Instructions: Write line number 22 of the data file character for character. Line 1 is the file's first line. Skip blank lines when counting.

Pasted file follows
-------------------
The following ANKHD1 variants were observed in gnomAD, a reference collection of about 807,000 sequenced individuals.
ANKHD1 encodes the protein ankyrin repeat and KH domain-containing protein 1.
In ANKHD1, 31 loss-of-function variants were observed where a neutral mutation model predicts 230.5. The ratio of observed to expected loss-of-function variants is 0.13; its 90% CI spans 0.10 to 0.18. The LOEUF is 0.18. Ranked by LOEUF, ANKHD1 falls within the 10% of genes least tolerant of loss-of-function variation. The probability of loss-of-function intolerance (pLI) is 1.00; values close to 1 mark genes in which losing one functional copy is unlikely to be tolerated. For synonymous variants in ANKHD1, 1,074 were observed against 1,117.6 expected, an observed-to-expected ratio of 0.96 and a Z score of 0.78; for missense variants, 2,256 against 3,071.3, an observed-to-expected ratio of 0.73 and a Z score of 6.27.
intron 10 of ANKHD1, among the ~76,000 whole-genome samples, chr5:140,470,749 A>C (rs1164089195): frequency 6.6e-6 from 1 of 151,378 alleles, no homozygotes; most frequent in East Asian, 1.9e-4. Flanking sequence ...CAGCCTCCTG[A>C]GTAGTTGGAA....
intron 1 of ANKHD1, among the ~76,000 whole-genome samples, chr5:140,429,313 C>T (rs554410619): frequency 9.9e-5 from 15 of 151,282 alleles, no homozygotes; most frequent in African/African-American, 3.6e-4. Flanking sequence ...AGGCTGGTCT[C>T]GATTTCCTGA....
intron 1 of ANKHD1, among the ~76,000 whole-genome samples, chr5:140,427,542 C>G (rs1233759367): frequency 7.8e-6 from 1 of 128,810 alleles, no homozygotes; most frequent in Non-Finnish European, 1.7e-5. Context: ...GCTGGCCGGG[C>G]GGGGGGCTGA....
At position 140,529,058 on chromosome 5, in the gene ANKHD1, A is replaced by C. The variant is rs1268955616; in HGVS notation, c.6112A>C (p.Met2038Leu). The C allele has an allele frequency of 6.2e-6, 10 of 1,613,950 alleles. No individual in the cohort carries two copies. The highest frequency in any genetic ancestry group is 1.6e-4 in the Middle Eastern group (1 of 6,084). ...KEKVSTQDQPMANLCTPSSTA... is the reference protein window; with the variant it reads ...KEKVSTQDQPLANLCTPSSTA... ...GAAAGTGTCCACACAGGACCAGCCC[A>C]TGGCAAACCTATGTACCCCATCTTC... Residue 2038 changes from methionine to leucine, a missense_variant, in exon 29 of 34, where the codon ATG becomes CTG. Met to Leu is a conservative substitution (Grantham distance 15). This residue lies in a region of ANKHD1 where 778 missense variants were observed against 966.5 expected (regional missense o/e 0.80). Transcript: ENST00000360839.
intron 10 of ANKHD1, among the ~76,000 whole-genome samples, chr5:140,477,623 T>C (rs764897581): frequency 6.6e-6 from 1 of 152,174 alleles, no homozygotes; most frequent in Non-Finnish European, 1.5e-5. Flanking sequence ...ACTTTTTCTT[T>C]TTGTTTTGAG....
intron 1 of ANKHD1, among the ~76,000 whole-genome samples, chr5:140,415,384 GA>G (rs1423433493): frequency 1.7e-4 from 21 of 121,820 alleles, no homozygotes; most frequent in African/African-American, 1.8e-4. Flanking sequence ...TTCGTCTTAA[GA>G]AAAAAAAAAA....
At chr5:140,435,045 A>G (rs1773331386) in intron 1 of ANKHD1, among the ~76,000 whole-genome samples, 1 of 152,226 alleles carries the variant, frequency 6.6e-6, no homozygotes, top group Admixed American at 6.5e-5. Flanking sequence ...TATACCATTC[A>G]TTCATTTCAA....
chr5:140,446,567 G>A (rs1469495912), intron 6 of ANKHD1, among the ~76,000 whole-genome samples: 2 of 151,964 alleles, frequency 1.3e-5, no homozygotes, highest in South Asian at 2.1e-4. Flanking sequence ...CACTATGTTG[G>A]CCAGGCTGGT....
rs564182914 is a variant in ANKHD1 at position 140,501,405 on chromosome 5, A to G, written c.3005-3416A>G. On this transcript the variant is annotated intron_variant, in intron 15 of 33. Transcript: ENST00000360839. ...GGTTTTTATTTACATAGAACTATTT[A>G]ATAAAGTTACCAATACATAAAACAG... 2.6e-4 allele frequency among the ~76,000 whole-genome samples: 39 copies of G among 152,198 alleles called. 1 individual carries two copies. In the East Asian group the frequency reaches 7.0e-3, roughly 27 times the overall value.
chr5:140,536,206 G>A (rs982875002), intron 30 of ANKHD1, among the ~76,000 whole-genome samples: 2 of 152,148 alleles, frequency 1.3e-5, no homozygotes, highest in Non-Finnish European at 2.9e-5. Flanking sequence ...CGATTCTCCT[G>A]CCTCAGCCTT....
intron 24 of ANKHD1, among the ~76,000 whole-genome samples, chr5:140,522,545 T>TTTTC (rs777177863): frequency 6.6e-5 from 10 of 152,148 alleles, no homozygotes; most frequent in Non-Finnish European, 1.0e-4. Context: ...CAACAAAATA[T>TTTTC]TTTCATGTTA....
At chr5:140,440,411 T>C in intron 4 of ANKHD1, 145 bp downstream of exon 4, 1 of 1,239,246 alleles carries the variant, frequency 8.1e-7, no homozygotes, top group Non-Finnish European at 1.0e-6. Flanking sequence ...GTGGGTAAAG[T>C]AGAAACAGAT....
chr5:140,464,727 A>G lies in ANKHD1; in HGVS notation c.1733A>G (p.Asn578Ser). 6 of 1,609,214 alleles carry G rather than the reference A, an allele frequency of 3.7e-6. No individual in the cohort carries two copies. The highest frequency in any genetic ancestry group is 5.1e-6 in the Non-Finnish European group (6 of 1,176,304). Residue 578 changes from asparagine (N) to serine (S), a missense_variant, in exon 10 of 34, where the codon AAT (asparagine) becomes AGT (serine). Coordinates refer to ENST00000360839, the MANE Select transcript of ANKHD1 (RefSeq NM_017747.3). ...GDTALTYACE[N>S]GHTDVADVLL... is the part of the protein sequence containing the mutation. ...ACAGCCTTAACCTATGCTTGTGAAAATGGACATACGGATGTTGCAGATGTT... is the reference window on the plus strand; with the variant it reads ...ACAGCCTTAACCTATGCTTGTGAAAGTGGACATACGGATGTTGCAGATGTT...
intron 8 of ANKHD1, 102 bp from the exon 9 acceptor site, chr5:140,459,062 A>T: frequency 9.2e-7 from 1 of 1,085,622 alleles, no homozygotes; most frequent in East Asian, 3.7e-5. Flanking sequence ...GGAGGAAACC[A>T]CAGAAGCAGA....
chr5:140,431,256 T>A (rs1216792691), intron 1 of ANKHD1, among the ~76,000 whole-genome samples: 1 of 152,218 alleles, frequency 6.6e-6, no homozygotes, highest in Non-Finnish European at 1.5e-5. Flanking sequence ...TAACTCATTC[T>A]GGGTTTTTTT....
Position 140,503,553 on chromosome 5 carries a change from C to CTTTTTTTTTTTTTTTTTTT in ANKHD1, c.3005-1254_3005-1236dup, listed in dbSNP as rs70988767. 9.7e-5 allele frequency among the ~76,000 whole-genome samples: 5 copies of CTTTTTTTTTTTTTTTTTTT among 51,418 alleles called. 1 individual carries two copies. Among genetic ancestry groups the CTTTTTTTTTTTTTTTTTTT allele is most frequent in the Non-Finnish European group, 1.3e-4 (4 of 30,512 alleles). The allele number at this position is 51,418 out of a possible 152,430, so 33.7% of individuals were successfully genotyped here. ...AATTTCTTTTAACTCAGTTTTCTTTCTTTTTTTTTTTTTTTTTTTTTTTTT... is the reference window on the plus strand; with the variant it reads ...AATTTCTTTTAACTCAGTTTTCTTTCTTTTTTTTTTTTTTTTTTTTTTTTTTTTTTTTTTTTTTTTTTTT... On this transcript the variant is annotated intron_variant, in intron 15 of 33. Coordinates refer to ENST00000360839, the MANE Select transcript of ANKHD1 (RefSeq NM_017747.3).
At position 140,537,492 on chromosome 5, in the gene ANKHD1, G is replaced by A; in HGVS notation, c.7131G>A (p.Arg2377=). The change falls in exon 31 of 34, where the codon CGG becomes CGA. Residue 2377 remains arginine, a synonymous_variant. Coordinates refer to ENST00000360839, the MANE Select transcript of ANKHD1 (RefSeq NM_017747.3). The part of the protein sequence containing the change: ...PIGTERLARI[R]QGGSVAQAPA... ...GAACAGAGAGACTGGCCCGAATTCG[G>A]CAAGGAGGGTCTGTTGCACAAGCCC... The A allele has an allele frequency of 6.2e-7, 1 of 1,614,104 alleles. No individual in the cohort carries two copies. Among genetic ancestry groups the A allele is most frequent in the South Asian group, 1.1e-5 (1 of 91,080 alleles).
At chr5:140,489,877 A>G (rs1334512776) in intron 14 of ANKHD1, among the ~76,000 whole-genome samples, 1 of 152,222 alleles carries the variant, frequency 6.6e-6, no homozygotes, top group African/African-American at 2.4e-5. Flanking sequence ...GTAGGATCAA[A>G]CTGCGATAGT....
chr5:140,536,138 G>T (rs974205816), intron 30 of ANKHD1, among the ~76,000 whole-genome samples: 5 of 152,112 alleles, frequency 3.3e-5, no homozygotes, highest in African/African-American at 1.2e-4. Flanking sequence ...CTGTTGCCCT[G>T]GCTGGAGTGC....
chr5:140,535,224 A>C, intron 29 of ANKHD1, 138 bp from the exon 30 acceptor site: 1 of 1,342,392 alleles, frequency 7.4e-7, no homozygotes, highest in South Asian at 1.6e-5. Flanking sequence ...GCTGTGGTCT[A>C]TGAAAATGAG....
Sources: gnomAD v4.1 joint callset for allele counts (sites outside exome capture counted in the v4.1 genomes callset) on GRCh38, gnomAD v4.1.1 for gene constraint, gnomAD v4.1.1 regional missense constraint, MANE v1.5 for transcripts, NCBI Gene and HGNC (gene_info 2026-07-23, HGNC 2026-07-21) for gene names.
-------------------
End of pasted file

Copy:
chr5:140,536,138 G>T (rs974205816), intron 30 of ANKHD1, among the ~76,000 whole-genome samples: 5 of 152,112 alleles, frequency 3.3e-5, no homozygotes, highest in African/African-American at 1.2e-4. Flanking sequence ...CTGTTGCCCT[G>T]GCTGGAGTGC....